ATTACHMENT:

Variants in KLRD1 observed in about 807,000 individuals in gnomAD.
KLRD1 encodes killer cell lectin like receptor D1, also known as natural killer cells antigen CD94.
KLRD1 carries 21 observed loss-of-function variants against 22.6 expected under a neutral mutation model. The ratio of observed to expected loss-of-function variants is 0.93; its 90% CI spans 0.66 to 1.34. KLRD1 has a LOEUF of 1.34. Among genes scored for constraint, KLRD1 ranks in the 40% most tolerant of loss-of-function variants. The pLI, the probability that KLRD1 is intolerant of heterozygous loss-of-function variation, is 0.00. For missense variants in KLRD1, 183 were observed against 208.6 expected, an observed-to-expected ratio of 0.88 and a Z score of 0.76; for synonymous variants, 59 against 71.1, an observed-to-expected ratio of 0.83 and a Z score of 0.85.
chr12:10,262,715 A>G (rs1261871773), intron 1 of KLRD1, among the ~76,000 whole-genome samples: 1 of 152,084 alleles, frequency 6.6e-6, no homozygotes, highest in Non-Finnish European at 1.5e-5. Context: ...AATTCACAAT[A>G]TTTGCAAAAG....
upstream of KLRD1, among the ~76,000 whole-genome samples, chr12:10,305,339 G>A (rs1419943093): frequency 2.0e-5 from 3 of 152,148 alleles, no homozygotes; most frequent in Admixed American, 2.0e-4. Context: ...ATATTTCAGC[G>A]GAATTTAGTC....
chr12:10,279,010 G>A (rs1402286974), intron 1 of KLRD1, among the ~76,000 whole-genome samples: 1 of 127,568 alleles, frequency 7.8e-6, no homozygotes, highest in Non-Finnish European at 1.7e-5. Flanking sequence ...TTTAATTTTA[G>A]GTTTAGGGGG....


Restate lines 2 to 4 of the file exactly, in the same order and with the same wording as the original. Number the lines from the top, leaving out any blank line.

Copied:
KLRD1 encodes killer cell lectin like receptor D1, also known as natural killer cells antigen CD94.
KLRD1 carries 21 observed loss-of-function variants against 22.6 expected under a neutral mutation model. The ratio of observed to expected loss-of-function variants is 0.93; its 90% CI spans 0.66 to 1.34. KLRD1 has a LOEUF of 1.34. Among genes scored for constraint, KLRD1 ranks in the 40% most tolerant of loss-of-function variants. The pLI, the probability that KLRD1 is intolerant of heterozygous loss-of-function variation, is 0.00. For missense variants in KLRD1, 183 were observed against 208.6 expected, an observed-to-expected ratio of 0.88 and a Z score of 0.76; for synonymous variants, 59 against 71.1, an observed-to-expected ratio of 0.83 and a Z score of 0.85.
chr12:10,262,715 A>G (rs1261871773), intron 1 of KLRD1, among the ~76,000 whole-genome samples: 1 of 152,084 alleles, frequency 6.6e-6, no homozygotes, highest in Non-Finnish European at 1.5e-5. Context: ...AATTCACAAT[A>G]TTTGCAAAAG....